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Visit me at Ovations [Apr. 27th, 2007|11:36 am]
Please visit my blog at Ovations. Thank you.

Find me at MySpace here: Carolyn Burns Bass

View my Publisher's Marketplace page.
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Milestones and Marathons: NaNoWriMo Recap [Nov. 30th, 2006|10:18 am]
[Tags|, ]
[Current Location |Studio]
[Current Mood |accomplishedaccomplished]
[Current Music |Silence]

Today is the final day for NaNoWriMo participants to finish their 50,000 word novels. Everyone who submits a manuscript of 50,000 words or more is considered a winner. I finished mine yesterday. Well, sort of. I hit the 50,000 word finish line. By my estimate, I still have at least 25,000 words to go before the story is complete. One of the authors in my online writer's group asked NaNoWriMo participants what they learned from their experience in the month-long writing marathon. Here’s what I said:

"Winning" NaNoWriMo takes a far second to the joy I have about this novel. Had I not taken the challenge by Lori Weinrott to join, propped up by Brian Howe's enthusiasm, I don't think I would have started this novel--just yet. Each paragraph, page, and chapter convinced me that this is the book I should be writing right now. I'm setting aside WHISPERING NIGHTS while I finish TSSD.

I started out composing at a genteel pace, but as the days slipped by and I got behind, I began to feel crushed by the approaching deadline. I don't think there's a switch to turn off my inner editor. I don't like schlocky writing when I read it and I tolerate it less from myself. Nevertheless, it's still a shi**y first draft. It’s going to need some serious editing in the second round.

In the beginning I was excited by the new story and the words came easily as the characters revealed themselves. As my word count lagged behind the daily goal, however, I became hyper aware of every word I produced, clicking the word count meter every few pages. Toward the end I reverted back to my normal writing style, which is imagining and framing scenes for content and plot progression, rather than word count sessions. This put the joy back in the journey.

This is the first morning I haven’t plunged myself into TSSD. I’m taking a day off from the story to do some other writing tasks (like updating Ovations). Not to worry though, THE SWORD SWALLOWER’S DAUGHTER is even now sitting on her bed in the doll room, glaring at me to come up and play.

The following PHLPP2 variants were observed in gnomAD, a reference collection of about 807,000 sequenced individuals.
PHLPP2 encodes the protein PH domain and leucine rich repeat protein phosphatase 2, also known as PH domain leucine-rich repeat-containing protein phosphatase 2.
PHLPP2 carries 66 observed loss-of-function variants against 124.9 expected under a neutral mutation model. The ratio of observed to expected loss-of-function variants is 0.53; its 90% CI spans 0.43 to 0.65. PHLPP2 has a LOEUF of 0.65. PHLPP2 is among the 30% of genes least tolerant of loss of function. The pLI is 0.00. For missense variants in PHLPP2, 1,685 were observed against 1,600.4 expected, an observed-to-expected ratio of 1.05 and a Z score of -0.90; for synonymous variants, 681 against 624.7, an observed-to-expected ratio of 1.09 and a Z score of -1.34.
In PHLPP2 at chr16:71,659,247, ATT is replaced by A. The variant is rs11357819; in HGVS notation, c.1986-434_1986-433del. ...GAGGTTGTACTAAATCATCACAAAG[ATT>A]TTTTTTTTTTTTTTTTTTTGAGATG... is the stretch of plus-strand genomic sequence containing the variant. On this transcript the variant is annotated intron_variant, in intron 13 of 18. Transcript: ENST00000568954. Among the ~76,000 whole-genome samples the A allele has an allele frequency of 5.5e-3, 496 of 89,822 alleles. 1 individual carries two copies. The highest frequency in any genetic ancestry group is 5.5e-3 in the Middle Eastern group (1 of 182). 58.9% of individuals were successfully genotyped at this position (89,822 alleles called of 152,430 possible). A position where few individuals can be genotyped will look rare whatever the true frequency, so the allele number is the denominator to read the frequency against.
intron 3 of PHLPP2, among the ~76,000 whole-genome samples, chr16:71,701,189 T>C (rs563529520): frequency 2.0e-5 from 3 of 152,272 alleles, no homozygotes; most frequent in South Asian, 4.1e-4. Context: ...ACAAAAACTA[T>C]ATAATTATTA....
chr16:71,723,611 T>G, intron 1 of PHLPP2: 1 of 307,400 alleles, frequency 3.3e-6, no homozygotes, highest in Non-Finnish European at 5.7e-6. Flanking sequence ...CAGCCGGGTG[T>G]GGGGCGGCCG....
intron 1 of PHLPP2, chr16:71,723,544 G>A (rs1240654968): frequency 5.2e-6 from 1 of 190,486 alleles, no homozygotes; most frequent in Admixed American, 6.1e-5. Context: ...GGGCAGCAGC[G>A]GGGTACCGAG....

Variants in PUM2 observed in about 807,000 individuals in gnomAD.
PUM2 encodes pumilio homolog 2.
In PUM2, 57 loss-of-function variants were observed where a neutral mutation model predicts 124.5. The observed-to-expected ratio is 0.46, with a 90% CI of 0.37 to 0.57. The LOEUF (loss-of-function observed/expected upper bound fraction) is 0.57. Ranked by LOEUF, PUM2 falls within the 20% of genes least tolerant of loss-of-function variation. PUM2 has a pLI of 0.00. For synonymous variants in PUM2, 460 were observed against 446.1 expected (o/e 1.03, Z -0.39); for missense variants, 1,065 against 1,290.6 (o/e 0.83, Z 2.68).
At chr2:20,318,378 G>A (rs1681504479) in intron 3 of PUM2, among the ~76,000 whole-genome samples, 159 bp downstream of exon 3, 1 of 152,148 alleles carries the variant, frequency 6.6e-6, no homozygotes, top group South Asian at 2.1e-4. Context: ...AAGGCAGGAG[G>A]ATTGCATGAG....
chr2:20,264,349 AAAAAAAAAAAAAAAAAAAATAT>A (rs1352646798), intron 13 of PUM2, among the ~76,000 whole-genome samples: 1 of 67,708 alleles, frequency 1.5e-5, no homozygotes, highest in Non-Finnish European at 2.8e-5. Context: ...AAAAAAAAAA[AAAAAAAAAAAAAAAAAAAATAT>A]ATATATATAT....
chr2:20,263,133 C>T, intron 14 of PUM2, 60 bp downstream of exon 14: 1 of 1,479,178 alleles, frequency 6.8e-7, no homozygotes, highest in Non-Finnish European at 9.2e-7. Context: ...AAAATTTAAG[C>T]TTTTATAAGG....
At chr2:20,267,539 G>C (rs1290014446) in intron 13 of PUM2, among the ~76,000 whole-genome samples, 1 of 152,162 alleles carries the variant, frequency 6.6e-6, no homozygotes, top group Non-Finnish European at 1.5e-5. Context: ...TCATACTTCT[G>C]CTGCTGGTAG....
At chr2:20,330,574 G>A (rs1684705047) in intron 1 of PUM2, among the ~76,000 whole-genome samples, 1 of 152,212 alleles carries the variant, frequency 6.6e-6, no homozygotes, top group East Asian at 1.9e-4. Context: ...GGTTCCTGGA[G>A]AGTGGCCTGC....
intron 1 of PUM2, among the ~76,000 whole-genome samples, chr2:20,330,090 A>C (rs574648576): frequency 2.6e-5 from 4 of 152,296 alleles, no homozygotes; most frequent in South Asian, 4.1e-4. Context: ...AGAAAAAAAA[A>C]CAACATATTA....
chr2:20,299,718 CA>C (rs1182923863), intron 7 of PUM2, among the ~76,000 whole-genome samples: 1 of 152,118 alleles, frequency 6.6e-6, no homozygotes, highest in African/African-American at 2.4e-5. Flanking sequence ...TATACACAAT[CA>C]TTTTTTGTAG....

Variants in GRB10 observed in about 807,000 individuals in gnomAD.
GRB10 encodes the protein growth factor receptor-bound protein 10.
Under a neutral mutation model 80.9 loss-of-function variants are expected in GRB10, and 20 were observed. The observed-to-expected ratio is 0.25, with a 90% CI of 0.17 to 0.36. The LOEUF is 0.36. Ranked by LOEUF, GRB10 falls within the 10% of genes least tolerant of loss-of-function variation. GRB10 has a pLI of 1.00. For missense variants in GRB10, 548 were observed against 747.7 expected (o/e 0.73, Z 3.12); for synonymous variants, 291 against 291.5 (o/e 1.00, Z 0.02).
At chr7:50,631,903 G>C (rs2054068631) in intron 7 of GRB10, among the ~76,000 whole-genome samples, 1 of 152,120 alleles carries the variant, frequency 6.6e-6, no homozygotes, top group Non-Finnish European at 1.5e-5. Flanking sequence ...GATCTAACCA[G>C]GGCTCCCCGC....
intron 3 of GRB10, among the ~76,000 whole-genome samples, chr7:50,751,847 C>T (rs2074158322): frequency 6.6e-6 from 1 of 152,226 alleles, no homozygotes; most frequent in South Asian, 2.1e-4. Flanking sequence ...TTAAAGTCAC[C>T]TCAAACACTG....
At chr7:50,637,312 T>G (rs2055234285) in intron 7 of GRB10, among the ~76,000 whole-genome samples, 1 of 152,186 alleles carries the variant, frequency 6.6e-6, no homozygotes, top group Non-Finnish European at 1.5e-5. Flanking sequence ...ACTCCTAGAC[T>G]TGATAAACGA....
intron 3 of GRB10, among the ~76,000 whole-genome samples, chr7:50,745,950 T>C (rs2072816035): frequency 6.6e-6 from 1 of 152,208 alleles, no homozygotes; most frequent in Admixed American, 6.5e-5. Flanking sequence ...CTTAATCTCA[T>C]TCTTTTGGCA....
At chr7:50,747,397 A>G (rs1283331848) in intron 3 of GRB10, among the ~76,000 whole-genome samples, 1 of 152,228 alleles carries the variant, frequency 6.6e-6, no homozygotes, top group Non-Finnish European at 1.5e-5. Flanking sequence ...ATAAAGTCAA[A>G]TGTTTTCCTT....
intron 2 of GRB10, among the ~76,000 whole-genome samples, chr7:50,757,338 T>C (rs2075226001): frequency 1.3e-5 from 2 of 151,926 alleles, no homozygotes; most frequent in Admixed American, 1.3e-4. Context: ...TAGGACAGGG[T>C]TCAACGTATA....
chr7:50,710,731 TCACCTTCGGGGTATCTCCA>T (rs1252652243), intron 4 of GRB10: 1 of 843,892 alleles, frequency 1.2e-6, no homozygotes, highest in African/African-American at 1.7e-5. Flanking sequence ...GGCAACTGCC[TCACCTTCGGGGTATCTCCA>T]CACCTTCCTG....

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A Sword Swallower's Daughter is Conceived [Nov. 16th, 2006|10:14 am]
[Current Location |Studio]
[Current Mood |giddygiddy]
[Current Music |Silence]

My friend EJ posted a comment to the previous blog entry, kindly reminding me the post was getting a little old. More than two weeks old. Truth is I’ve been busy. Everyone gets busy, but I mean buried with details. But you don’t want to hear about the two-day holiday event for 500 people that I’m coordinating for SITE-SoCal. I’m pumped up about this annual event, excited about mingling and jingling with industry friends, and most of all hoping to raise $200,000 for the three charities (Camp Alandale, La Calle, Oasis of Hollywood) we’ve chosen to support though this event.

It’s not like I’ve been holding out on you, but the holiday event is not what’s been filling my early morning creative hours. I’ve started writing a new novel. I’ve joined several of my writing pals for a month-long novel writing challenge called NaNoWriMo (National Novel Writing Month). NaNoWriMo is kind of like the Boston Marathon for writers. The course is 30 days of 1667 word writing stretches. Everyone who writes 50,000 words and submits their manuscript at the end of the month is a winner. Although I’m not a quantity over quality writer, and I haven’t met the daily 1667 goal every day, as of this morning I reached 22,297 words in 16 days. I’m behind the nano quota, but I’m confident I’m going to cross the finish line with a novel I am proud of.

THE SWORDSWALLOWER’S DAUGHTER is a coming of age novel about loving people despite their failures, faults, and fetishes. The title, which has boiled around in my head for years, is autobiographical and many of my character’s experiences are loosely—emphasize loose here—based on my experiences growing up with an unconventional father and an over-conventional mother. Set the turbulent 1960s of my white Southern California childhood, it was an era when divorce was a sin, negroes were untouchable, Vietnam sent bloody images into American living rooms, and the Beatles led the British invasion of rock and roll.

You can read the first chapter of THE SWORD SWALLOWER’S DAUGHTER on the fiction page of my website. Click the title above to get there.